To use this book (and QuickBooks), you need to know a few basics. This book assumes that you’re familiar with the following terms and concepts:
Clicking. This book includes instructions that require you to use your computer’s mouse or trackpad. To click means to point your cursor (the arrow pointer) at something on the screen and then—without moving the cursor—press and release the left button on the mouse (or laptop trackpad). To right-click means the same thing, but you press the right mouse button instead. (Usually, clicking selects an onscreen element or presses an onscreen button, whereas right-clicking typically reveals a shortcut menu, which lists some common tasks specific to whatever you’re right-clicking.) To double-click, of course, means to click the left button twice in rapid succession, again without moving the pointer at all. And to drag means to move the cursor while holding down the left mouse button the entire time.
When you’re told to Shift-click something, you click while pressing the Shift key. Related procedures, like Ctrl-clicking, work the same way—just click while pressing the corresponding key.
Menus. The menus are the words at the top of your screen: File, Edit, and so on. Click one to make a list of commands appear, as though they’re written on a window shade you’ve just pulled down. Some people click to open a menu and then release the mouse button; after reading the menu choices, they click the option they want. Other people like to press the mouse button continuously as they click the menu title and drag down the list to the desired command; only then do they release the mouse button. Both methods work, so use whichever one you prefer.
Keyboard shortcuts. Nothing is faster than keeping your fingers on your keyboard to enter data, choose names, trigger commands, and so on—without losing time by grabbing the mouse, carefully positioning it, and then choosing a command or list entry. That’s why many experienced QuickBooks fans use keyboard shortcuts to accomplish most tasks. In this book, when you read an instruction like “Press Ctrl+A to open the Chart of Accounts window,” start by pressing the Ctrl key; while it’s down, type the letter A; and then release both keys.
Throughout this book, and throughout the Missing Manual series, you’ll find sentences like this one: “Choose Lists→Customer & Vendor Profile Lists→Customer Type List.” That’s shorthand for a much longer instruction that directs you to navigate three nested menus in sequence, like this: “At the top of your screen, click the Lists menu. On the Lists menu, point to the Customer & Vendor Profile Lists menu item. On the submenu that appears, choose Customer Type List.” Figure 1 shows the menus this sequence opens.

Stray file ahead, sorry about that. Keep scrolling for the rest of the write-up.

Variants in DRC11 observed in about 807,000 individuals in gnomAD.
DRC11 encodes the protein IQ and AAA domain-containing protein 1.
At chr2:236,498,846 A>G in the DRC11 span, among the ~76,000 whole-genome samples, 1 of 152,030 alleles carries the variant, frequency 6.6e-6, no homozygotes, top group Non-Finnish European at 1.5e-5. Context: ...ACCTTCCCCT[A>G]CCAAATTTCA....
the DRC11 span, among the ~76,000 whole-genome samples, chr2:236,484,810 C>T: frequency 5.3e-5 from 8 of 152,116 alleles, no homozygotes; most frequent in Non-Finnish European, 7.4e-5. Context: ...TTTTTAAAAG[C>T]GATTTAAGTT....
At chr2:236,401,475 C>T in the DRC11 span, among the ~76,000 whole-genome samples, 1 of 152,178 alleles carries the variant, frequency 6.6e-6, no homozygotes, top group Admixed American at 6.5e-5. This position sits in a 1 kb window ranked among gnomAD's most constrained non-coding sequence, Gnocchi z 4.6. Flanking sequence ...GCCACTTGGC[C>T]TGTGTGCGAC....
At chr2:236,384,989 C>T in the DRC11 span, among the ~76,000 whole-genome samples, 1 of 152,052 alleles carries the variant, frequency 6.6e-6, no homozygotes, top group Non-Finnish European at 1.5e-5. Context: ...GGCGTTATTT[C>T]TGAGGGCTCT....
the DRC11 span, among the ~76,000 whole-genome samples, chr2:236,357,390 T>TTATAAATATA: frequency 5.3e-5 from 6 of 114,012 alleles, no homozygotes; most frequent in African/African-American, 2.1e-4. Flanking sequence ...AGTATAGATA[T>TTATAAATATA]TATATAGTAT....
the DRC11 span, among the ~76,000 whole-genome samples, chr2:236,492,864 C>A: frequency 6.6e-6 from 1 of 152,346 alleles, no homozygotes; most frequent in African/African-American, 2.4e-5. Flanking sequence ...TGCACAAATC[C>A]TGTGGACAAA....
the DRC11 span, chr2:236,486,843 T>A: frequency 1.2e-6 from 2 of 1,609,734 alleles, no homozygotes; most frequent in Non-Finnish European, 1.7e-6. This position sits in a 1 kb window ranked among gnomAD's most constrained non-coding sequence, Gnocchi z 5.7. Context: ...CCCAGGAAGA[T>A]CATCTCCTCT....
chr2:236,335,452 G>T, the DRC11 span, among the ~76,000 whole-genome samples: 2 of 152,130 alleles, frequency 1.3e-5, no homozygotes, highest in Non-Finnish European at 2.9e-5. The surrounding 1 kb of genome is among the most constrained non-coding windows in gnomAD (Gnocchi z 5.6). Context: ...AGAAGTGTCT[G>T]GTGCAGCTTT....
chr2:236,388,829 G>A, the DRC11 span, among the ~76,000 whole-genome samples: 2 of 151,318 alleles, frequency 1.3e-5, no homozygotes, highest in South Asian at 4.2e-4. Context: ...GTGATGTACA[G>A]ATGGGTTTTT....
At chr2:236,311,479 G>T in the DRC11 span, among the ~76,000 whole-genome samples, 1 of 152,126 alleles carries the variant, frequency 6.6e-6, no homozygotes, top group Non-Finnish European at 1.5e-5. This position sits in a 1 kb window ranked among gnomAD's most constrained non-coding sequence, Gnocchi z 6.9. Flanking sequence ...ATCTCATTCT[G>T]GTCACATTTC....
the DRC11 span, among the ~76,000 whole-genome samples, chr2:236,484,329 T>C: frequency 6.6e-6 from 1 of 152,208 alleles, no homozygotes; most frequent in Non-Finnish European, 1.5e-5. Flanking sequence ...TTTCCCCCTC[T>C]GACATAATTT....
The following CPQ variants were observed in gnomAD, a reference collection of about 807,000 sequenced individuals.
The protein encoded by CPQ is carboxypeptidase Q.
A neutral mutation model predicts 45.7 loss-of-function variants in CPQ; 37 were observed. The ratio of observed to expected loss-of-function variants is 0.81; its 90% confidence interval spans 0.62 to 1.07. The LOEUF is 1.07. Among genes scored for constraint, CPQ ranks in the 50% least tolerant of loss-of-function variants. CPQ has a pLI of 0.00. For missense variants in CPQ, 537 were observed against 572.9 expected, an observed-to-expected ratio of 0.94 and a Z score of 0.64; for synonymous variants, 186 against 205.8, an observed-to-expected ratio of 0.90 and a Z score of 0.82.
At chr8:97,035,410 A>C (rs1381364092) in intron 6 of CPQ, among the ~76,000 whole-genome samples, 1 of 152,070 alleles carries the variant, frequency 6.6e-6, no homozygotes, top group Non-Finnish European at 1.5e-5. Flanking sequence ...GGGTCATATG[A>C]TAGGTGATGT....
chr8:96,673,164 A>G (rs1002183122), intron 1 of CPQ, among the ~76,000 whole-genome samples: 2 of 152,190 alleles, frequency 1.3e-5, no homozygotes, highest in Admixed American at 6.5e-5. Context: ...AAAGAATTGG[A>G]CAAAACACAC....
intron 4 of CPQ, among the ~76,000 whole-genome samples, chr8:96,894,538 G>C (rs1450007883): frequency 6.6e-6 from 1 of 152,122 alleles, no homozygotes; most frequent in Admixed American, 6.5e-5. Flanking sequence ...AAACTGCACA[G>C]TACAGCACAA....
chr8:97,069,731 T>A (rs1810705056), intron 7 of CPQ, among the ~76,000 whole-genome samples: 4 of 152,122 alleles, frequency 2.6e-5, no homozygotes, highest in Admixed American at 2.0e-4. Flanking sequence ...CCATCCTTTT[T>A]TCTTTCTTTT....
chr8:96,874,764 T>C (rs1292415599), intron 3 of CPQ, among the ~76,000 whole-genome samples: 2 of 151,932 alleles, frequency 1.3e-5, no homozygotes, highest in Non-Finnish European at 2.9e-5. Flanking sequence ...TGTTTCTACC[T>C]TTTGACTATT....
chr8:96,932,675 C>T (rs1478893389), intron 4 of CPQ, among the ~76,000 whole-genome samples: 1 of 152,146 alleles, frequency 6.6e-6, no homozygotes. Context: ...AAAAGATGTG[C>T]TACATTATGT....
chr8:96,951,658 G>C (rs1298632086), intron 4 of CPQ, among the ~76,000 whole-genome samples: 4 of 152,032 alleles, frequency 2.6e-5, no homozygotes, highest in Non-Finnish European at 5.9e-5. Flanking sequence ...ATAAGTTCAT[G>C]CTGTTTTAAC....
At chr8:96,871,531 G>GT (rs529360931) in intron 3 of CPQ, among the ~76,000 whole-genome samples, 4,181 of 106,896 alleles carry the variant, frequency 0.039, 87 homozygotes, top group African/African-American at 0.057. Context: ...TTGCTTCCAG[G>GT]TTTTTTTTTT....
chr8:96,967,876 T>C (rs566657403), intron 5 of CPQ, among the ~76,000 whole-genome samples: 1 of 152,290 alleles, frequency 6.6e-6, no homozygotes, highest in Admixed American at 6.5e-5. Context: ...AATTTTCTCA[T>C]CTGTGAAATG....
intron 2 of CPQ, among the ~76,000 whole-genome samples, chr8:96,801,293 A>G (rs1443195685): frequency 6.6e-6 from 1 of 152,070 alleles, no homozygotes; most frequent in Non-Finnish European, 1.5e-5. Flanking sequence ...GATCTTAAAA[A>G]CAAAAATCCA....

Figure 1. Instead of filling pages with long and hard-to-follow instructions for navigating through nested menus and nested folders, the arrow notation is concise but just as informative. For example, choosing Lists→Customer & Vendor Profile Lists→Customer Type List takes you to the menu item shown here.
Similarly, this arrow shorthand also simplifies the instructions for opening nested folders, such as Program Files→QuickBooks→Export Files.
As the owner of a Missing Manual, you’ve got more than just a book to read. Online, you’ll find example files so you can get some hands-on experience, as well as tips, articles, and maybe even a video or two. You can also communicate with the Missing Manual team and tell us what you love (or hate) about the book. Head over to www.missingmanuals.com, or go directly to one of the following sections.
This book doesn’t have a CD pasted inside the back cover, but you’re not missing out on anything. Go to www.missingmanuals.com/cds and click the “Missing CDROM” link for this book to download a sample company file that includes an opening balance general journal entry, as well as three additional appendixes to this book. And so you don’t wear down your fingers typing long web addresses, the Missing CD page also offers a list of clickable links to the websites mentioned in this book.
If you register this book at oreilly.com, you’ll be eligible for special offers—like discounts on future editions of QuickBooks: The Missing Manual. Registering takes only a few clicks. To get started, type http://oreilly.com/register into your browser to hop directly to the Registration page.
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In an effort to keep this book as up-to-date and accurate as possible, each time we print more copies, we’ll make any confirmed corrections you’ve suggested. We also note such changes on the book’s website, so you can mark important corrections into your own copy of the book, if you like. Go to http://tinyurl.com/9l5h5ks to report an error and view existing corrections.